Nepal: Land of dreams

NEPAL - My dream to visit Nepal with my daughter materialised recently, thanks to the affordable AirAsia X flight.

Most people go to Kathmandu, capital of Nepal, for some arduous trekking, but we were content to shop at Thamel, the tourist district of Kathmandu.

At Durbar Square, the Living Goddess made a brief appearance at a window of her abode, drawing applause from the audience who paid homage by bringing their palms together above their heads.

We visited the Swayambhunath temple, but rather than climb to the summit, I sat on a bench at the foothill.

Middle-aged trekking guides did vigorous exercises and drank freshly prepared aloe vera juice and rubbed their faces repeatedly with its skin. I followed suit, though the only vigorous exercise I had done was observing them.

Our next stop was Pokhara which is famous for its lakes and mountains. The climb up the Peace stupa (for a breathtaking view of the Annapurna mountain range), International Mountain Museum and two Hindu temples was enough to bring on the aches.

At the temples, it was refreshing to see all the female devotees clad in red saris, and fashionable red or green blouses, with several strands of bead necklaces. Red is the favourite colour of the Hindu goddess.

Going anywhere meant climbing and more climbing. The masseuse suggested rejuvenation massage. After all, all that climbing was not normal for an urban whose idea of exercise is slow yoga.

Rejuvenated, we took the four-hour trip by car to Chitwan National Park. The winding road cut through valleys and mountain passes. We could not take our eyes off the picturesque scenery.

In Chitwan, we watched elephants with their gaily decorated faces walking leisurely through the centre of town alongside cars, motorcycles and horse carts, while we had our dinner.

All restaurants were on the first floor, which required more climbing. Sigh! But the quality and large servings, cheap prices and hospitable waiters more than made up for the strain.

During the elephant safari, there were four of us, besides the tobacco-chewing trainer. The elephant walked, swaying rhythmically into the virgin jungle.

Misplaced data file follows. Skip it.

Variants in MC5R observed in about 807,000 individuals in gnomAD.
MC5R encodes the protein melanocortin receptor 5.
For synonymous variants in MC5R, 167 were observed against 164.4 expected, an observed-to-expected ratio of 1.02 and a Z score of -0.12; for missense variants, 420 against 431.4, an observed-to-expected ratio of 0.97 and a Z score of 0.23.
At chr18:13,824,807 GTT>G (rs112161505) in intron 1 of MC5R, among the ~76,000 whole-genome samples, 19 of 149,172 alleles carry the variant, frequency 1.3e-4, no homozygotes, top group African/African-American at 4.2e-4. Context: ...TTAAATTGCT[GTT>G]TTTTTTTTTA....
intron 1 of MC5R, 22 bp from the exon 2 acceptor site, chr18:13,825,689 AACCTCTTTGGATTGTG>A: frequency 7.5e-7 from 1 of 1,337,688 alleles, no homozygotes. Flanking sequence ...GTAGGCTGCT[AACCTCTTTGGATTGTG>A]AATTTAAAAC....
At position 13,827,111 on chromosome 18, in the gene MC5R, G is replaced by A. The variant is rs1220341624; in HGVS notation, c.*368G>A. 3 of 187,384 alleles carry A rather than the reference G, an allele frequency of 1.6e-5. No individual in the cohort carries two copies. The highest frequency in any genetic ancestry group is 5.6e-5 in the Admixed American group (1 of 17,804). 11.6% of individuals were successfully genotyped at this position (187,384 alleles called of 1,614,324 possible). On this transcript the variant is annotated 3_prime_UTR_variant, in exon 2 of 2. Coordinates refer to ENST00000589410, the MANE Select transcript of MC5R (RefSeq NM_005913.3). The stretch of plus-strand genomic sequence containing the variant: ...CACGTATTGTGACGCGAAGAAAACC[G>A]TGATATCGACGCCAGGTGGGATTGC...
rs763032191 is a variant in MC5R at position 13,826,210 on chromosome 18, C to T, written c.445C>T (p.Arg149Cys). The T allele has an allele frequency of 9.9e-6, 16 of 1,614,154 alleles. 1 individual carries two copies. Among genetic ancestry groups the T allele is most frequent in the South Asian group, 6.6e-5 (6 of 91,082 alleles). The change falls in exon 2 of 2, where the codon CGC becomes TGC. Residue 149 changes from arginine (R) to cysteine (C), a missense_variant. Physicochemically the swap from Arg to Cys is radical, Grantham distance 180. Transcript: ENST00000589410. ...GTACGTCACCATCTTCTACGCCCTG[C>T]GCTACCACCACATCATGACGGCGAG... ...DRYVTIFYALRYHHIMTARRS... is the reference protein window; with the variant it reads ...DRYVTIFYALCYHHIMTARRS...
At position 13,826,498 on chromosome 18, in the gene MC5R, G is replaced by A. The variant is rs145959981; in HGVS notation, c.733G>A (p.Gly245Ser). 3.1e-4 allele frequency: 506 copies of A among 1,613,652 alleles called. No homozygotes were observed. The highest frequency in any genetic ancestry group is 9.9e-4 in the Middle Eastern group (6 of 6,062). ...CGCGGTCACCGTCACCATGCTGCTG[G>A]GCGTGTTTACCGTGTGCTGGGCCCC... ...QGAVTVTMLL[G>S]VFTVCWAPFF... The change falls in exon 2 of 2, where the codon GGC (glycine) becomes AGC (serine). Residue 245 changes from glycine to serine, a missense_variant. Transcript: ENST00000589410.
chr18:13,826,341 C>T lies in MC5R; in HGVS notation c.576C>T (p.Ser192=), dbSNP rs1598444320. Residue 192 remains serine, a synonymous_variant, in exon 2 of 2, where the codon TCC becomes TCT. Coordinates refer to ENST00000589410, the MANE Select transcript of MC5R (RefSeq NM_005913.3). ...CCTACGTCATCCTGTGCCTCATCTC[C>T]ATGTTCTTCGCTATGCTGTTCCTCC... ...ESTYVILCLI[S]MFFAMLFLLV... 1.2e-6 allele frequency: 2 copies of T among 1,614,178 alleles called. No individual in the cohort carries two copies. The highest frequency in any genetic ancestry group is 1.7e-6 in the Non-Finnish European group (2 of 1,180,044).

We had to push the tree branches away from our faces, as we walked past a rhinoceros in a swamp, and two deer. The baby rhinoceros was resting its head on its mother's stomach.

The elephant stopped suddenly above a slope, as if wondering how it could clamber down to the river.

We were instructed to move forward for better balance. We held the posts for dear life, with our legs astride. My head was reeling from the two-hour safari. I swayed back and forth.

The next day, limping, I got into a canoe for a ride through the forest. The day before, I had viewed the jungle from above the ground. This time around, we were almost at water level. I was more impressed with the colourful kingfishers than the dead-looking crocodiles.

Chitwan is noted for its tall grass which grows to a height of two metres.

"Elephants pick up their food with their trunks, and hit the grass on their heads to get rid of the sand," a notice at the elephant breeding centre informed. But the four-month-old elephant hit the grass on its head, then rubbed it against the soil, then hit it again, wondering why the grass was never good enough to eat! It was both hilarious and a sorry sight.

The three-week-old baby, on the other hand, was sleeping with its legs sprawled, under its standing mother's body. We felt gratified that the entry fees we paid would defray the expenses incurred by the 40 elephants at the centre, which protected them from poachers.

After a day's rest, we flew back to the capital. Kirtipur, an ancient city in Nepal, is reminiscent of a scene from the James Bond movie.

We then visited Patan, an ancient fortified town which is known for its beautifully carved wooden structures. Patan is a World Heritage Site, and a craftsman's haven.

There was more walking and climbing along irregular paths, and this time even a trekkers massage could not help me, as I limped back to the plane. Well, adventures and misadventures go hand in hand, don't you think?

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